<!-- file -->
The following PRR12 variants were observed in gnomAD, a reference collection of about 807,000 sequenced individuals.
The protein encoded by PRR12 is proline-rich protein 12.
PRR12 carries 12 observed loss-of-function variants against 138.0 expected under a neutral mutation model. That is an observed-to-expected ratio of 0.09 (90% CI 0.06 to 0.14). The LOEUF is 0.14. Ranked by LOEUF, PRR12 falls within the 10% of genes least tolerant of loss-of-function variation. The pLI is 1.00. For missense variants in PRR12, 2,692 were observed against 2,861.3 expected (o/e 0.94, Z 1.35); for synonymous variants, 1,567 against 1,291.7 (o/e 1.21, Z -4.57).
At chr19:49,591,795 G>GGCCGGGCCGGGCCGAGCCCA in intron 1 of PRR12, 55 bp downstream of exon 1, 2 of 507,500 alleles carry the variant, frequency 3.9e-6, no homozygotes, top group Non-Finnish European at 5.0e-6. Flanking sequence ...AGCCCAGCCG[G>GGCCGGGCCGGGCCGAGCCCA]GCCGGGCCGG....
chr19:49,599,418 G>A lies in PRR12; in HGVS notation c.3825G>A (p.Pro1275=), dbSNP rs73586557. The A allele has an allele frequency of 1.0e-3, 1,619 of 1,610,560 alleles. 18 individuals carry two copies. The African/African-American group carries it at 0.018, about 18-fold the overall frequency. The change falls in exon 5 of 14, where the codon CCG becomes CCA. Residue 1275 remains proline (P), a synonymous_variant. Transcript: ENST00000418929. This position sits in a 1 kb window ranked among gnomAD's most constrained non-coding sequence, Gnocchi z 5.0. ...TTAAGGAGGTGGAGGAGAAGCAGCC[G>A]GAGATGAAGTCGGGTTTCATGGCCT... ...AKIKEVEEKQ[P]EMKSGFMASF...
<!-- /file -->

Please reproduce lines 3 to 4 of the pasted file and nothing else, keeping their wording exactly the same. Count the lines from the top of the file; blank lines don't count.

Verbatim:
PRR12 carries 12 observed loss-of-function variants against 138.0 expected under a neutral mutation model. That is an observed-to-expected ratio of 0.09 (90% CI 0.06 to 0.14). The LOEUF is 0.14. Ranked by LOEUF, PRR12 falls within the 10% of genes least tolerant of loss-of-function variation. The pLI is 1.00. For missense variants in PRR12, 2,692 were observed against 2,861.3 expected (o/e 0.94, Z 1.35); for synonymous variants, 1,567 against 1,291.7 (o/e 1.21, Z -4.57).
At chr19:49,591,795 G>GGCCGGGCCGGGCCGAGCCCA in intron 1 of PRR12, 55 bp downstream of exon 1, 2 of 507,500 alleles carry the variant, frequency 3.9e-6, no homozygotes, top group Non-Finnish European at 5.0e-6. Flanking sequence ...AGCCCAGCCG[G>GGCCGGGCCGGGCCGAGCCCA]GCCGGGCCGG....